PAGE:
Spirituality and Palliative Medicine
The prospect of life’s ending raises acute questions about identity, value and meaning. In a medical context, palliative care physicians have become increasingly conscious of the issues of spirituality raised by patients facing death, as well as the lack of training given in UK medical schools to deal with them. The Spirituality and Palliative Medicine Project is an interdisciplinary enterprise comprising several members of the Department of Theology and Religion and a group of palliative care consultants based in the region, together with colleagues from the School of Health, the Department of Anthropology, and the Centre for the Arts and Humanities in Health and Medicine. Several research areas have been identified, including the impact of a physician’s own spirituality and values on the doctor-patient relationship, the relation between psychological profile and ability to ‘cope’ at the end of life, the idea of ‘unbearable suffering’, the meaning of spirituality for the non-religious, etc. A programme of regional, national and international seminars and conferences is envisaged which would contribute to and disseminate the research.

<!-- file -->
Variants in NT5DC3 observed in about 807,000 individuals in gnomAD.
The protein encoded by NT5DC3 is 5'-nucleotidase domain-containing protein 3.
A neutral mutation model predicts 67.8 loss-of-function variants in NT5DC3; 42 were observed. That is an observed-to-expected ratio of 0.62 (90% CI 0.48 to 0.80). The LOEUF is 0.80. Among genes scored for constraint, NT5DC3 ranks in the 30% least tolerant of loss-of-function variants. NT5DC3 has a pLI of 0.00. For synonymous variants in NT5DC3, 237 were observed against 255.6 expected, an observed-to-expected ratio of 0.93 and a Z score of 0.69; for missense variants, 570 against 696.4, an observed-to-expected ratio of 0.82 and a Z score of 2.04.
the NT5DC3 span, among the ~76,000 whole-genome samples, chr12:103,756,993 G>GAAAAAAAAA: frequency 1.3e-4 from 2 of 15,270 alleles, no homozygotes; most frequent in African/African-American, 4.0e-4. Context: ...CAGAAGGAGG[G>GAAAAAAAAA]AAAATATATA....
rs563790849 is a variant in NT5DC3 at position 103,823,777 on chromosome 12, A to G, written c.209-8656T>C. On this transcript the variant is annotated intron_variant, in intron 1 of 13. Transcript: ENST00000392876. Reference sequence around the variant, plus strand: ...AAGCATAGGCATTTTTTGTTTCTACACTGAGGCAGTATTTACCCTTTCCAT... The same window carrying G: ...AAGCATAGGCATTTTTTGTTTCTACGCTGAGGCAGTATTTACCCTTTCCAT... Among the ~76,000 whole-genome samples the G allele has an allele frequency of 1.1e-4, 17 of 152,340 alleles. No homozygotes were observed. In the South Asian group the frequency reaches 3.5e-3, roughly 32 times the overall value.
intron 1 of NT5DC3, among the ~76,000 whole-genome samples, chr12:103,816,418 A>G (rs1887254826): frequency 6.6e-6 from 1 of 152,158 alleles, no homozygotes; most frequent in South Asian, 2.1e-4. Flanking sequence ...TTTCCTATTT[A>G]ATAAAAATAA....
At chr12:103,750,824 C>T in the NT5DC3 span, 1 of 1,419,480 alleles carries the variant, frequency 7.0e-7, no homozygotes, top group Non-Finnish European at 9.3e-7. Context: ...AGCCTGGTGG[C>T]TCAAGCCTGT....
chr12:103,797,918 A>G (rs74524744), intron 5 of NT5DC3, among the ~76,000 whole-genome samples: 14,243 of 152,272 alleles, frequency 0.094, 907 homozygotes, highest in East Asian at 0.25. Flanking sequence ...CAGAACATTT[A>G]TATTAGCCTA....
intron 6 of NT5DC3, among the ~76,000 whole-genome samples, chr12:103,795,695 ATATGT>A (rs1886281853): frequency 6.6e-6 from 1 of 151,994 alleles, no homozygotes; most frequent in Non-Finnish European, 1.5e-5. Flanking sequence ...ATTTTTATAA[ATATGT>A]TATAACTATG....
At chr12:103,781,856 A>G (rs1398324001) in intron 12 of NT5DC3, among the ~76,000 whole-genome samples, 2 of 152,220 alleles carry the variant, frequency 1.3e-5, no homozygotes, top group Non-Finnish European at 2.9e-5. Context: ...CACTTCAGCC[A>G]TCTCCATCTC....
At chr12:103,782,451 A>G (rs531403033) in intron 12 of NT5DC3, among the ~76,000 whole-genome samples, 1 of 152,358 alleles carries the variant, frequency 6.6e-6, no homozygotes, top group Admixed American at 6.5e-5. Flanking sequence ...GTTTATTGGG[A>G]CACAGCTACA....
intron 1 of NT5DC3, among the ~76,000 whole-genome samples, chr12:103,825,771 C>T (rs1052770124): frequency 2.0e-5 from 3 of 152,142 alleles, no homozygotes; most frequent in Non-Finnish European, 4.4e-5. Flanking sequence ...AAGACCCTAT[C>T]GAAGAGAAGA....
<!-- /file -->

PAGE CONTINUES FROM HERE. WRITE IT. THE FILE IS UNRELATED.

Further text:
For further information about the Spirituality and Palliative Medicine project, please contact Dr Robert Song.